When Armitage Robinson resigned from All Saints, he became Norrisian Professor of Divinity (1893-1899) in Cambridge, and a canon of Wells Cathedral (1894-1899). As a theologian, he succeeded to the mantle of the Cambridge ‘triumvirate’ of Westcott, Lightfoot and Hort. He wrote a commentary of the Epistle to the Ephesians, he visited the libraries of Venice with Archbishop Gregg of Dublin, visited Patmos and Athens, and was known for his work on Patristic texts, including the Didache, the Shepherd of Hermas and the works of Saint Irenaeus, Saint Perpetua and Origen.
He left Cambridge to become Rector of Saint Margaret’s, Westminster (1899-1900), and a Canon of Westminster Abbey (1899-1902). Then, at the age of 44, he became the Dean of Westminster Abbey (1902-1911), where he revised and modernised the coronation ceremonies.
He moved to become Dean of Wells Cathedral (1911-1933), where he had close links with Dom Cuthbert Butler and the Benedictine monks of Downside Abbey, took part in the bilateral Anglican-Roman Catholic conversations at Malines convened by Cardinal Mercier and Lord Halifax, and became known for his publications in history.
Robinson received an honorary doctorate (DD) from Trinity College Dublin in 1908, and in 1920 he returned to his father’s alma mater as the Donnellan Lecturer, with a series of lectures on Barnabas, the Shepherd of Hermas and the Didache. When he died on 7 May 1933, he was buried in Wells Cathedral.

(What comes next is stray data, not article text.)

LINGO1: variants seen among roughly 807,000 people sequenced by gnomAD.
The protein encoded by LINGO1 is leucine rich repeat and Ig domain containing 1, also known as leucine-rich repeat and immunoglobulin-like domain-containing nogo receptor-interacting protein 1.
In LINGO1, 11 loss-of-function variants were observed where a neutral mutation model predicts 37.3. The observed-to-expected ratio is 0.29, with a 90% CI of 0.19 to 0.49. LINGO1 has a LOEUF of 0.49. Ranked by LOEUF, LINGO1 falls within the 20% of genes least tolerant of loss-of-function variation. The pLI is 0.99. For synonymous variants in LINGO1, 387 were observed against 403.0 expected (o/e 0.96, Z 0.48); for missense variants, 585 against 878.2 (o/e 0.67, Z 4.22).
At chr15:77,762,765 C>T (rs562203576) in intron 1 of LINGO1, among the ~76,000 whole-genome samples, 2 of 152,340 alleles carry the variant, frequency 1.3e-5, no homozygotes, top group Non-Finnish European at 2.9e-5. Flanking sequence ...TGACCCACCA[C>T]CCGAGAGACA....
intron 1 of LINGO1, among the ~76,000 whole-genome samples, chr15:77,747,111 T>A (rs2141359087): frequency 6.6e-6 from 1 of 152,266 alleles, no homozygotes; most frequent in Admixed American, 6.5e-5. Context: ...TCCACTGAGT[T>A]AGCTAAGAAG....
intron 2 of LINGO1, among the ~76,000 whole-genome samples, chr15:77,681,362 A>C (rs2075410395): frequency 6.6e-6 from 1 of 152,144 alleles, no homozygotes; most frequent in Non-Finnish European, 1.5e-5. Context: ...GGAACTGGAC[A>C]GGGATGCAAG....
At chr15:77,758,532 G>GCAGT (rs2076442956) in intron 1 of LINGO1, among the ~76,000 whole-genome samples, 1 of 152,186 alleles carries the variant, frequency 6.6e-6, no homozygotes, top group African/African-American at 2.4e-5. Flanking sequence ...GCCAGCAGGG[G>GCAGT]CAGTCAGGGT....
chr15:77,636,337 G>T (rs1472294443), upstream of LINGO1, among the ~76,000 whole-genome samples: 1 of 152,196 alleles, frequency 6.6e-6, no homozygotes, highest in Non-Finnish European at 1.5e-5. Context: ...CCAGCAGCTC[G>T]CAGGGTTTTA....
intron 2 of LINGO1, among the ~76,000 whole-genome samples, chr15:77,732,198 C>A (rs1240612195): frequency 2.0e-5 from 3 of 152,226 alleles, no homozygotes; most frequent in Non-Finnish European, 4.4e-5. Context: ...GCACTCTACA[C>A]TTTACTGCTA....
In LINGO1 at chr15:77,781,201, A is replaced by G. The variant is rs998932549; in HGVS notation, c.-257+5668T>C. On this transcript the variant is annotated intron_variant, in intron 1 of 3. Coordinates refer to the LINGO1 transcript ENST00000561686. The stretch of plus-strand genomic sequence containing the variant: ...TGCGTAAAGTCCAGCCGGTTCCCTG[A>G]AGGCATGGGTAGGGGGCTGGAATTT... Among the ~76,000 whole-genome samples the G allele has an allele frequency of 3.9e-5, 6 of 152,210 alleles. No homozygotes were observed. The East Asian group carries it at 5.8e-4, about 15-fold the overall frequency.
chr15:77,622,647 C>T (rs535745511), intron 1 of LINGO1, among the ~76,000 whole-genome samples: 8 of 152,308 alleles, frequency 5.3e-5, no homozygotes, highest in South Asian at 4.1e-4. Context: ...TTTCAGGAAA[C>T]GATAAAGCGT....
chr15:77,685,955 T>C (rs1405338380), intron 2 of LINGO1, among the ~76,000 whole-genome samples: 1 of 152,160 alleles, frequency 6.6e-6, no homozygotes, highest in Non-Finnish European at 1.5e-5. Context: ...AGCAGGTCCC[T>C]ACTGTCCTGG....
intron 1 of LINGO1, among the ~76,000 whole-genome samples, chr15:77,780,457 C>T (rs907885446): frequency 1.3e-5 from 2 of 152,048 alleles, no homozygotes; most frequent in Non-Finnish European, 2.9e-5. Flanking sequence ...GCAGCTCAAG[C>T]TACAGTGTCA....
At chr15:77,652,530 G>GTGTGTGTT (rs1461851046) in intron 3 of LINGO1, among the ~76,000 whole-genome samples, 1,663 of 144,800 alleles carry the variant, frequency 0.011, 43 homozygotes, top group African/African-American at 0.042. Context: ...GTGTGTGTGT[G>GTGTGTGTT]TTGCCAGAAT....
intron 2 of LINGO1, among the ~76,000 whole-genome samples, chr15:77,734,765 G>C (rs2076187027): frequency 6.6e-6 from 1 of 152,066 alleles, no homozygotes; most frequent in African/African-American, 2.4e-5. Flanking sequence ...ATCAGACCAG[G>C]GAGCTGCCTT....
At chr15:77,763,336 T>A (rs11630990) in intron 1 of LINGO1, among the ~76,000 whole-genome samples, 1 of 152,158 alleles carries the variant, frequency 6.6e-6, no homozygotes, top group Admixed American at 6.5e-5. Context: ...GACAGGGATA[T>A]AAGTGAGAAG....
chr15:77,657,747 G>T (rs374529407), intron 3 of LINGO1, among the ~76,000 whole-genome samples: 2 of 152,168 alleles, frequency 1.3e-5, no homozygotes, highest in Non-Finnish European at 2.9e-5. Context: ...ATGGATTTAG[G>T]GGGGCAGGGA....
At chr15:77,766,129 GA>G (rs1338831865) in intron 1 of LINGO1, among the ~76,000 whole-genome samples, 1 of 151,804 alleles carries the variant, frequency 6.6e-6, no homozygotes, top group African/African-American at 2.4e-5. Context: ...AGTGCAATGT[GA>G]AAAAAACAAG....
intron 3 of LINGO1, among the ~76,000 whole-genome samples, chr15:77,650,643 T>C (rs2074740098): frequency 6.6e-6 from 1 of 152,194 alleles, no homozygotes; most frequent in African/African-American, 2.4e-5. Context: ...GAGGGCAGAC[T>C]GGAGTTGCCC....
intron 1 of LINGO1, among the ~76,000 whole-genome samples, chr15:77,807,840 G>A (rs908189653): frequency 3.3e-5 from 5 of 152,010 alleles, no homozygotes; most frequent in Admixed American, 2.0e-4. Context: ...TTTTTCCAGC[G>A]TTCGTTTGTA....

Family of theologians
Five of the Robinson brothers were Church of England priests, a unique tally in any family. Apart from Armitage and Forbes, the others were: Canon Arthur William Robinson (1856-1928), a canon of Canterbury Cathedral and the author of several books, who inherited a house called The Wood just outside Monaghan; the Revd John Robinson, who died while he was a CMS missionary in Nigeria; and Canon Charles Henry Robinson (1861-1925), who died while he was Editorial Secretary of the Society for the Propagation of the Gospel (SPG, later USPG and now Us).
Another brother, Edward Forbes Robinson (1864-1921), was a missionary teacher in South Africa, where he died, and Dr Frederick Augustine Robinson (1870-1906) was a medical missionary with the Universities’ Mission to Central Africa (UMCA), and died in Natal. Two sisters, Elizabeth and Cecilia, were deaconesses, and a third sister, Henrietta, married a priest, the Revd Charles Edward Bishop.
Canon Arthur Robinson’s son was the famous theologian, New Testament scholar and bishop, John AT Robinson (1919-1983), author of In the End, God (1951) and Honest to God (1963) and Bishop of Woolwich (1959-1969). He studied theology at Westcott House and before becoming a bishop was the Dean of Clare College, Cambridge. After retiring as Bishop of Woolwich in 1969, he returned to Cambridge as a lecturer in theology and Dean of Trinity College, Cambridge. He preached his last sermon, ‘Learning from cancer,’ to a packed college chapel six weeks before he died.
The Robinsons are an outstanding clerical, theological and missionary family, but until my visits to All Saints’ Church I was not aware of their family roots in Ireland and the Church of Ireland.
Canon Patrick Comerford lectures in the Church of Ireland Theological Institute. This essay was first published in January 2016 in the ‘Church Review’ (Dublin and Glendalough) and the ‘Diocesan Magazine’ (Cashel, Ferns and Ossory’).